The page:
FIFA and CONCACAF are inching closer to making the final call on which cities in the U.S., Canada and Mexico will host matches for the 2026 World Cup, with decisions expected sometime next spring.
The FIFA and CONCACAF delegation wrapped up its second set of site visits on Monday here, which is seen as one of the strongest candidates for hosting matches due to its soccer history, favourable summertime weather and as the sole city in the Pacific Northwest to bid.
FIFA chief tournaments and events officer Colin Smith said all site visits should be completed by the end of November, with a decision expected sometime toward the end of March or early April (2022).
The 2026 World Cup will be the first with 48 teams but it also presents a logistical challenge with the largest geographic footprint of any World Cup to date. Games could be played from Edmonton, Alberta, to Mexico City and Seattle to Boston.
Smith said they’re currently thinking 16 cities will be selected as hosts, but that is not set.
Seattle was at the tail end of a series of site visits that included Kansas City, Cincinnati, Dallas, Denver, Houston, Monterrey, Mexico, and San Francisco. The delegation visited Boston, Nashville, Atlanta, Orlando, Washington, D.C., Baltimore, Philadelphia, Miami and the New York-New Jersey area in September.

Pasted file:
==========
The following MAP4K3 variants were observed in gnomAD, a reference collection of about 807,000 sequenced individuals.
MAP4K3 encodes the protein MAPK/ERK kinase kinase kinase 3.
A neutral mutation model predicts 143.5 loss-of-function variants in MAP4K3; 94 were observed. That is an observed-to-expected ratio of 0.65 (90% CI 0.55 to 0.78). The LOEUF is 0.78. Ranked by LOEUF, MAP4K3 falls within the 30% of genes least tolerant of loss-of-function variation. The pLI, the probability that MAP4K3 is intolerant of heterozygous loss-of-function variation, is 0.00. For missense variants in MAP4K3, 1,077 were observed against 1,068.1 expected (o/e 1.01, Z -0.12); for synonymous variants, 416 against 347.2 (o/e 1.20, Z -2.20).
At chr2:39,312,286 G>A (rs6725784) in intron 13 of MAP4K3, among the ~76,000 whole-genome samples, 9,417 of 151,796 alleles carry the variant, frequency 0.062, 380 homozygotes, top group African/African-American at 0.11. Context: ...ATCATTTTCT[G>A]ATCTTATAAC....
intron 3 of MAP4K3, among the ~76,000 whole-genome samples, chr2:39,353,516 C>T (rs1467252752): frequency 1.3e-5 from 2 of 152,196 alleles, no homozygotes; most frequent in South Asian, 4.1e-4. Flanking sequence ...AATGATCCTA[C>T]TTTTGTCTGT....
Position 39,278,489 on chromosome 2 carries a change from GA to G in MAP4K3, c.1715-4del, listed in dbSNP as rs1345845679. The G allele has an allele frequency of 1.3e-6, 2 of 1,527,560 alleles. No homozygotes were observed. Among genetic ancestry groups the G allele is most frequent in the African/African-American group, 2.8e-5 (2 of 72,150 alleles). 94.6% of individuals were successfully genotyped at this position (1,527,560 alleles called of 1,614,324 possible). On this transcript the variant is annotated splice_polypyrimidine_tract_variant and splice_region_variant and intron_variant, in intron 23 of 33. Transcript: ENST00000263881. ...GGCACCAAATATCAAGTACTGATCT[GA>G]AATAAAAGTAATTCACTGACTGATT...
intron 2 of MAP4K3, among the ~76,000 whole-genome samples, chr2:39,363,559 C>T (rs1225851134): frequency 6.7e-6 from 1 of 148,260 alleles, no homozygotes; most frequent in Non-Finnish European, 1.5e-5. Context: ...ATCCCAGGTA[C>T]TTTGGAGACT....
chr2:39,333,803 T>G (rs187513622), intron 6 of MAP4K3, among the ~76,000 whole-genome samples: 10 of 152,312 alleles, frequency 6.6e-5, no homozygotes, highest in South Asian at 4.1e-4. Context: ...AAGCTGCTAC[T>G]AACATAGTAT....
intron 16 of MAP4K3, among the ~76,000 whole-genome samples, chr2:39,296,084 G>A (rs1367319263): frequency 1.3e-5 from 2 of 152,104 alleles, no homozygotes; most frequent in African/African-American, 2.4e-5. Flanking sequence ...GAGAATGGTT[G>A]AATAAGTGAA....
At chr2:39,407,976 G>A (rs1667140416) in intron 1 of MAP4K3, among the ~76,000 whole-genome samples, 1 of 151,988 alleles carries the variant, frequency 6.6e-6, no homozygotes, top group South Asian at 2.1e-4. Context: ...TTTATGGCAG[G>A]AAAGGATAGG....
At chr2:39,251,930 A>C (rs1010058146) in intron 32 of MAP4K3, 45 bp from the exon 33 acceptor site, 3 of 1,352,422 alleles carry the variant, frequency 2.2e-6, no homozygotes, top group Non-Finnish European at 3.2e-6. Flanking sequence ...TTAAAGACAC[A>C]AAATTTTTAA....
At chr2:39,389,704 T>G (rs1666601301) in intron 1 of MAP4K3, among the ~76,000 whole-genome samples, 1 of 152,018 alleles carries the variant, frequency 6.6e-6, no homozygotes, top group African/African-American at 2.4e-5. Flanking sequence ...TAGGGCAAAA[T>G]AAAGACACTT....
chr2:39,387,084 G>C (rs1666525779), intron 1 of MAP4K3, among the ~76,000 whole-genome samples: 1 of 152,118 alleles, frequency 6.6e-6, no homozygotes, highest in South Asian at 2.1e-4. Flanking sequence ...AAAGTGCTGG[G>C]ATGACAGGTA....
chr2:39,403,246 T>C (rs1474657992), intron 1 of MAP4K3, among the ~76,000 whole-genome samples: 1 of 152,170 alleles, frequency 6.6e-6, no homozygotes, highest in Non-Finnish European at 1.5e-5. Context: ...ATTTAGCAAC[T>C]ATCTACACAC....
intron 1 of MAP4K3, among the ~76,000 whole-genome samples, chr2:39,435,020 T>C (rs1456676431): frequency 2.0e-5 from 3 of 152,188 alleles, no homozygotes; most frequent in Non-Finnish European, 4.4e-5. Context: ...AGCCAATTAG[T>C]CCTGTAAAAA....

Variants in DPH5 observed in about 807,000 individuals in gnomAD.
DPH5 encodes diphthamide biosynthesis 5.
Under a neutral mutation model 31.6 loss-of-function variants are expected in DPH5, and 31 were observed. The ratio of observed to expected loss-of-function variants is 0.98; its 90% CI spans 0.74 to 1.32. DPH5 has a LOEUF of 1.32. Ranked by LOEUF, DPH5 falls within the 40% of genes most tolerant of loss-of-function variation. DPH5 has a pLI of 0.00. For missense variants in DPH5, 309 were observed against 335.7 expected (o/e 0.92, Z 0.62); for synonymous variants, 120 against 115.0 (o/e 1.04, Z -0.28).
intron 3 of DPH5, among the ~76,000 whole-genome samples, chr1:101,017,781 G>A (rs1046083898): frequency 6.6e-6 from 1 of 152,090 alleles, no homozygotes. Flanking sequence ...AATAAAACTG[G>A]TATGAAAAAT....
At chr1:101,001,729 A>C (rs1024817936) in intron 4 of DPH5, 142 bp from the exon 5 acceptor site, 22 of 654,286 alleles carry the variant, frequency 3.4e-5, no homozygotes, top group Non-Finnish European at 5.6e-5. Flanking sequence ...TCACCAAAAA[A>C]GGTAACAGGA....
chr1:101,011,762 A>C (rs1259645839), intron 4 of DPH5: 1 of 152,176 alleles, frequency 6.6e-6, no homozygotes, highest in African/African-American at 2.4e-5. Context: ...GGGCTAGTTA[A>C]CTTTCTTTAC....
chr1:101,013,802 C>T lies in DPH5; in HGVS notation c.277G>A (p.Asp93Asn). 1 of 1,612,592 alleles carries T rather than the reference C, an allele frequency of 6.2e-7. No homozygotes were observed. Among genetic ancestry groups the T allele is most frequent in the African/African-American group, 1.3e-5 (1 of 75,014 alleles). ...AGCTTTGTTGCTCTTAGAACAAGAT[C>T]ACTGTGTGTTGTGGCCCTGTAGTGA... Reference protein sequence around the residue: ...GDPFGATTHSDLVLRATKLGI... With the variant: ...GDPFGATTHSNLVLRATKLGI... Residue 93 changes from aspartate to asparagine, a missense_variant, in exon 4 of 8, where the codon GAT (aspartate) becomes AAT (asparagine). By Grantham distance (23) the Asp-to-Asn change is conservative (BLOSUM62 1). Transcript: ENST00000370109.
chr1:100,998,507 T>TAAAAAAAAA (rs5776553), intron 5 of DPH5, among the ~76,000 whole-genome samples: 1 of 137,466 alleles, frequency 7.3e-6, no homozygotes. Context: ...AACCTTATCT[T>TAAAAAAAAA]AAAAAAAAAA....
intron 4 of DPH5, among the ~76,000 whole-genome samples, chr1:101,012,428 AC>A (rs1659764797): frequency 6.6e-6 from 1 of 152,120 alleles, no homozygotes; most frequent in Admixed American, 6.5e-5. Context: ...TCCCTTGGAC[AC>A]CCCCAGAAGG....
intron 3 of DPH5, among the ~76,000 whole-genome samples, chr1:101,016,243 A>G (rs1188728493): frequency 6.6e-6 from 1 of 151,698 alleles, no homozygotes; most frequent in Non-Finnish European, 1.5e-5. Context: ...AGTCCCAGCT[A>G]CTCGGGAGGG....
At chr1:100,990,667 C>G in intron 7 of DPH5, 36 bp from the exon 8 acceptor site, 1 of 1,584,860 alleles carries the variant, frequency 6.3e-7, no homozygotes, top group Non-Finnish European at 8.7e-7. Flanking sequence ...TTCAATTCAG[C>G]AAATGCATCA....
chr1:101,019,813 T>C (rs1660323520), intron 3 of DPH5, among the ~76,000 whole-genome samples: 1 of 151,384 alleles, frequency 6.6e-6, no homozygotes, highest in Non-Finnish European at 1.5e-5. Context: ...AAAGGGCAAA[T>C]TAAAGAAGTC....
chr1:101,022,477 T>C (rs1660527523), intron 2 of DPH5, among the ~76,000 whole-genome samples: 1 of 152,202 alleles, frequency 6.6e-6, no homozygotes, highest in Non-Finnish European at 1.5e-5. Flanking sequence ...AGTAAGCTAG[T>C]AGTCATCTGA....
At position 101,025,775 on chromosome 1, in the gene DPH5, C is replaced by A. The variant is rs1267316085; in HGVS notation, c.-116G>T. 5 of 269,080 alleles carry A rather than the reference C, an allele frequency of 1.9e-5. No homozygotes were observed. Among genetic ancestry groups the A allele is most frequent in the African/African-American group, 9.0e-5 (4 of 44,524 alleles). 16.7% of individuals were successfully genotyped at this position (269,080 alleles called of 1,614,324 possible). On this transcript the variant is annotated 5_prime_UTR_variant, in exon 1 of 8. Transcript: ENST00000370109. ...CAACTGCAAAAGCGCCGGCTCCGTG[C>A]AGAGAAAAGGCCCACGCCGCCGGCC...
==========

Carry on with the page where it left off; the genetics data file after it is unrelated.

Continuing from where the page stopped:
Another series of visits is coming up this month to Mexico City, Guadalajara, Mexico, Los Angeles, Edmonton and Toronto.
“Ultimately, it’s a bit of a jigsaw puzzle of all these different areas,” Smith said.
“To break down the magic of a World Cup is obviously incredibly difficult so the only way to do it is really to look at all the constituent groups.”
One of the big questions facing Seattle and some other bid cities will be what to do about their stadiums with synthetic fields. FIFA requires grass surfaces for the World Cup.
“In business it’s about location, location, location,” CONCACAF president Victor Montagliani said.
“Well, football is about pitch, pitch and pitch.” Seattle doesn’t seem likely to replace the synthetic field used by the NFL’s Seattle Seahawks and Seattle Sounders of MLS at Lumen Field and had mixed results in the past with temporary grass surfaces.
Most recently, Seattle used a temporary grass surface for the 2016 Copa America with great success, in part because it was set in place and used for several weeks.
“FIFA is looking at a lot of NFL stadiums. Most of them have synthetic,” Seattle Sounders owner and Seattle 2026 bid chair Adrian Hanauer said.
“So in my mind this is not the most critical piece to the bid.”